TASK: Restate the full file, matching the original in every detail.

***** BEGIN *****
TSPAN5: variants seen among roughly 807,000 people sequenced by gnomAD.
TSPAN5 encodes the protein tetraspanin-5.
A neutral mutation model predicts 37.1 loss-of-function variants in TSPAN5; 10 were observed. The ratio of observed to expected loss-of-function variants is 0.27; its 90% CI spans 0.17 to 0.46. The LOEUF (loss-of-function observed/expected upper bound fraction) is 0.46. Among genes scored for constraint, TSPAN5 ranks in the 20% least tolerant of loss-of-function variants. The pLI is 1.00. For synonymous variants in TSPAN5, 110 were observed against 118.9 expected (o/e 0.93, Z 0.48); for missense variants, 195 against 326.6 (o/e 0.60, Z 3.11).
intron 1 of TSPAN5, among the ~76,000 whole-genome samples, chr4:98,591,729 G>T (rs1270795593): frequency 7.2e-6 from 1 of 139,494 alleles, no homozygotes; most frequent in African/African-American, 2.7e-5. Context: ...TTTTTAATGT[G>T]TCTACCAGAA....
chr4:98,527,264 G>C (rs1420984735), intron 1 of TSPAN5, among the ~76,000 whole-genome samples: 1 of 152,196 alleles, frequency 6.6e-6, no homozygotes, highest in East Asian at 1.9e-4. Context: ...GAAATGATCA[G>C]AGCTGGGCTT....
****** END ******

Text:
TSPAN5: variants seen among roughly 807,000 people sequenced by gnomAD.
TSPAN5 encodes the protein tetraspanin-5.
A neutral mutation model predicts 37.1 loss-of-function variants in TSPAN5; 10 were observed. The ratio of observed to expected loss-of-function variants is 0.27; its 90% CI spans 0.17 to 0.46. The LOEUF (loss-of-function observed/expected upper bound fraction) is 0.46. Among genes scored for constraint, TSPAN5 ranks in the 20% least tolerant of loss-of-function variants. The pLI is 1.00. For synonymous variants in TSPAN5, 110 were observed against 118.9 expected (o/e 0.93, Z 0.48); for missense variants, 195 against 326.6 (o/e 0.60, Z 3.11).
intron 1 of TSPAN5, among the ~76,000 whole-genome samples, chr4:98,591,729 G>T (rs1270795593): frequency 7.2e-6 from 1 of 139,494 alleles, no homozygotes; most frequent in African/African-American, 2.7e-5. Context: ...TTTTTAATGT[G>T]TCTACCAGAA....
chr4:98,527,264 G>C (rs1420984735), intron 1 of TSPAN5, among the ~76,000 whole-genome samples: 1 of 152,196 alleles, frequency 6.6e-6, no homozygotes, highest in East Asian at 1.9e-4. Context: ...GAAATGATCA[G>C]AGCTGGGCTT....